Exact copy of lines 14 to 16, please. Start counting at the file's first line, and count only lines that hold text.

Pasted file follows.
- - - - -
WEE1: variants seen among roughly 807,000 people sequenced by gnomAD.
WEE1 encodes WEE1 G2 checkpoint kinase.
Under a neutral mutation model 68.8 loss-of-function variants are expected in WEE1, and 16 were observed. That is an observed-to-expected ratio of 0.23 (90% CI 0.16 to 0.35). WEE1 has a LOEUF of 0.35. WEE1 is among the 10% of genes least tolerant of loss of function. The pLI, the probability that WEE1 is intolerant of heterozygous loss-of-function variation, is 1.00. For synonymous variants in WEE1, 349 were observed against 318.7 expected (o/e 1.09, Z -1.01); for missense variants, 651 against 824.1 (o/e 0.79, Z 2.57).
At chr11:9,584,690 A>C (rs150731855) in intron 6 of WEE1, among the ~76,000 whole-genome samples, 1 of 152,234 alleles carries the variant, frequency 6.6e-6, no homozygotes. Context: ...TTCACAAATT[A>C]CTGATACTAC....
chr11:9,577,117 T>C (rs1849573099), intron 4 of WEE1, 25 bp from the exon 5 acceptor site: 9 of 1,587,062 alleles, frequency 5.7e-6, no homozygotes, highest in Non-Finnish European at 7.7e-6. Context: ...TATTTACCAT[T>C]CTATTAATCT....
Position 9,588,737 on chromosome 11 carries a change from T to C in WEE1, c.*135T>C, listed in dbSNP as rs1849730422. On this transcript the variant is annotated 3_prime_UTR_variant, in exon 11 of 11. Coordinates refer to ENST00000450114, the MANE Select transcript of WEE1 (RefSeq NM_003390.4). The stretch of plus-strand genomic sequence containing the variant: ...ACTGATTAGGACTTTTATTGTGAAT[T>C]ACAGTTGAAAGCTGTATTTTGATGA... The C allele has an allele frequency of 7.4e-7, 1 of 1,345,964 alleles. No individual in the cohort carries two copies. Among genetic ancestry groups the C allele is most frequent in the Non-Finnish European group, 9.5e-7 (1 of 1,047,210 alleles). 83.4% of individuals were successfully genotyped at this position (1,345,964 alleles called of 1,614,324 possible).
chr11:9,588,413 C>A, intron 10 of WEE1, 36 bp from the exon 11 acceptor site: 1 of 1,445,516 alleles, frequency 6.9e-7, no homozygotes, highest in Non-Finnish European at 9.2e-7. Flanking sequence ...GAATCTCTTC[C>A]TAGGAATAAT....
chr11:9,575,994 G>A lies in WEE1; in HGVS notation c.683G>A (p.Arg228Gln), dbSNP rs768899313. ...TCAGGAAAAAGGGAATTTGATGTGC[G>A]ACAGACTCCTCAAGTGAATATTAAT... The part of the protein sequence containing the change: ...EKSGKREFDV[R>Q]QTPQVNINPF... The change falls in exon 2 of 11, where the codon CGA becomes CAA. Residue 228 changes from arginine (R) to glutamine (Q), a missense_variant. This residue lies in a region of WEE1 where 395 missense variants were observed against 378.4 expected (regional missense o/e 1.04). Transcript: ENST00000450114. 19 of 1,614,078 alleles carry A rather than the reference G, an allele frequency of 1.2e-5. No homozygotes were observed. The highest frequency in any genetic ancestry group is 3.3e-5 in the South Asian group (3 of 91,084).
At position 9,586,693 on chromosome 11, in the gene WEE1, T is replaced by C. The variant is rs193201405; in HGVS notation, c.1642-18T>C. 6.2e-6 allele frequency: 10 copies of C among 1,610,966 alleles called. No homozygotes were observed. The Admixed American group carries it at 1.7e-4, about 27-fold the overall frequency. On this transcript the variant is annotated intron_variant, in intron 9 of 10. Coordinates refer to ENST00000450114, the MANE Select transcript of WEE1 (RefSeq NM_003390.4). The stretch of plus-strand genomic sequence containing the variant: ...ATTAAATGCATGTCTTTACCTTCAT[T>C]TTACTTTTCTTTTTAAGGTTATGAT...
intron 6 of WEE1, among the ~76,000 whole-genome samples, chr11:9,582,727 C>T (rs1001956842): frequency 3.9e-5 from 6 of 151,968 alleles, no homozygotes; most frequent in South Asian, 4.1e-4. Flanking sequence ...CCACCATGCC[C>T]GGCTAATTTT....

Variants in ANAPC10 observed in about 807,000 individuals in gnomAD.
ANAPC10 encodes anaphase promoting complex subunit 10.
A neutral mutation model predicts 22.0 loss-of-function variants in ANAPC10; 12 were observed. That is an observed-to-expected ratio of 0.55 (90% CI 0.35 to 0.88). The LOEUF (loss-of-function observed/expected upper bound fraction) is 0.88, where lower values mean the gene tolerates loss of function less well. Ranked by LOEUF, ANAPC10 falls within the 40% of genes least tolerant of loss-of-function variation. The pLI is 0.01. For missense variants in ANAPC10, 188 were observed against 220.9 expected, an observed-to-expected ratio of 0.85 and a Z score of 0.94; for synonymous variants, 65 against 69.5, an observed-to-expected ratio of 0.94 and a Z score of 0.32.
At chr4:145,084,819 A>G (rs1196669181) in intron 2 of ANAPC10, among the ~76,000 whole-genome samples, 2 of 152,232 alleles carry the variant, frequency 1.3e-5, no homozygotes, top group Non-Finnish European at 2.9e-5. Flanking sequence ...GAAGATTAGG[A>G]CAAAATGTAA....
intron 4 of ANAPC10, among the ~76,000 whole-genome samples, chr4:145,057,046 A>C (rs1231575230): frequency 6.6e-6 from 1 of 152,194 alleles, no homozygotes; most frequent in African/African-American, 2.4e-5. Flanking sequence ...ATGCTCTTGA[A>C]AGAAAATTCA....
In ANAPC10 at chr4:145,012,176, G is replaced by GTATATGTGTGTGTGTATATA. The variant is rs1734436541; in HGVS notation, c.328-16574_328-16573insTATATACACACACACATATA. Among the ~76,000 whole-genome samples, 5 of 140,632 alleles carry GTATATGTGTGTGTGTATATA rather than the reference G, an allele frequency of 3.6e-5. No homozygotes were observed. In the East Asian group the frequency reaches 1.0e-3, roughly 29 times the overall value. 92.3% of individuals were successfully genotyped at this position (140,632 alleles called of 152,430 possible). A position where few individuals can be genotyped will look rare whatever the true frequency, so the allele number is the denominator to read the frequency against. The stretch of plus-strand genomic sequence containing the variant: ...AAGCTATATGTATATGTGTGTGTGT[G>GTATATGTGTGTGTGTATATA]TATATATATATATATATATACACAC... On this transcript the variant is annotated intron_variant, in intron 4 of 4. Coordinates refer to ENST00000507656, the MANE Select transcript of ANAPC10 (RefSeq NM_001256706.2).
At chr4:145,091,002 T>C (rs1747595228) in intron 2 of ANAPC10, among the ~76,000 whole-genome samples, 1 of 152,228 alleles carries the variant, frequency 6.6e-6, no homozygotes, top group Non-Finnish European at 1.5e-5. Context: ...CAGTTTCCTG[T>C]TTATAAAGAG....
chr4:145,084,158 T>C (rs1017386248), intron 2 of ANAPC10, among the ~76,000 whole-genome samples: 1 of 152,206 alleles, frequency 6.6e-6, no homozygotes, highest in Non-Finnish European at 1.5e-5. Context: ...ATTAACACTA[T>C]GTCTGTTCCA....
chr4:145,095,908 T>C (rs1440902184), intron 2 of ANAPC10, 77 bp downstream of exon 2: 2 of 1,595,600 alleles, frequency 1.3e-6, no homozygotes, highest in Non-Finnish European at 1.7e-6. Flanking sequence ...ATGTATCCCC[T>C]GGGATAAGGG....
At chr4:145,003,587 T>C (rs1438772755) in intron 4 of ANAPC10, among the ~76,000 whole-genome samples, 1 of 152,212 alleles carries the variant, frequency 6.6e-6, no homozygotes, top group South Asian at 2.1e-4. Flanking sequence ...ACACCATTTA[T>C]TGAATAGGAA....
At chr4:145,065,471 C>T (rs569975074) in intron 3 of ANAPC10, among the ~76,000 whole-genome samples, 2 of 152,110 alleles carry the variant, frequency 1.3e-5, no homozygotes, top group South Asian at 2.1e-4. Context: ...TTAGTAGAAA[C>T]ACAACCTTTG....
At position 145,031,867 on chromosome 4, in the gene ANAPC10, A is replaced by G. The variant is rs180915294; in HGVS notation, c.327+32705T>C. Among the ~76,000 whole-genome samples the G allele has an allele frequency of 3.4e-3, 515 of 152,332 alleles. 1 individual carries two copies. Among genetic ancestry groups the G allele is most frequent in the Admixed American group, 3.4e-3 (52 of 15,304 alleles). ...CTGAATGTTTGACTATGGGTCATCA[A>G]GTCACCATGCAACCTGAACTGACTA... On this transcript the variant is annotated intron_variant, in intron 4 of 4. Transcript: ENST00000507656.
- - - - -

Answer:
At chr4:145,084,819 A>G (rs1196669181) in intron 2 of ANAPC10, among the ~76,000 whole-genome samples, 2 of 152,232 alleles carry the variant, frequency 1.3e-5, no homozygotes, top group Non-Finnish European at 2.9e-5. Flanking sequence ...GAAGATTAGG[A>G]CAAAATGTAA....
intron 4 of ANAPC10, among the ~76,000 whole-genome samples, chr4:145,057,046 A>C (rs1231575230): frequency 6.6e-6 from 1 of 152,194 alleles, no homozygotes; most frequent in African/African-American, 2.4e-5. Flanking sequence ...ATGCTCTTGA[A>C]AGAAAATTCA....
In ANAPC10 at chr4:145,012,176, G is replaced by GTATATGTGTGTGTGTATATA. The variant is rs1734436541; in HGVS notation, c.328-16574_328-16573insTATATACACACACACATATA. Among the ~76,000 whole-genome samples, 5 of 140,632 alleles carry GTATATGTGTGTGTGTATATA rather than the reference G, an allele frequency of 3.6e-5. No homozygotes were observed. In the East Asian group the frequency reaches 1.0e-3, roughly 29 times the overall value. 92.3% of individuals were successfully genotyped at this position (140,632 alleles called of 152,430 possible). A position where few individuals can be genotyped will look rare whatever the true frequency, so the allele number is the denominator to read the frequency against. The stretch of plus-strand genomic sequence containing the variant: ...AAGCTATATGTATATGTGTGTGTGT[G>GTATATGTGTGTGTGTATATA]TATATATATATATATATATACACAC... On this transcript the variant is annotated intron_variant, in intron 4 of 4. Coordinates refer to ENST00000507656, the MANE Select transcript of ANAPC10 (RefSeq NM_001256706.2).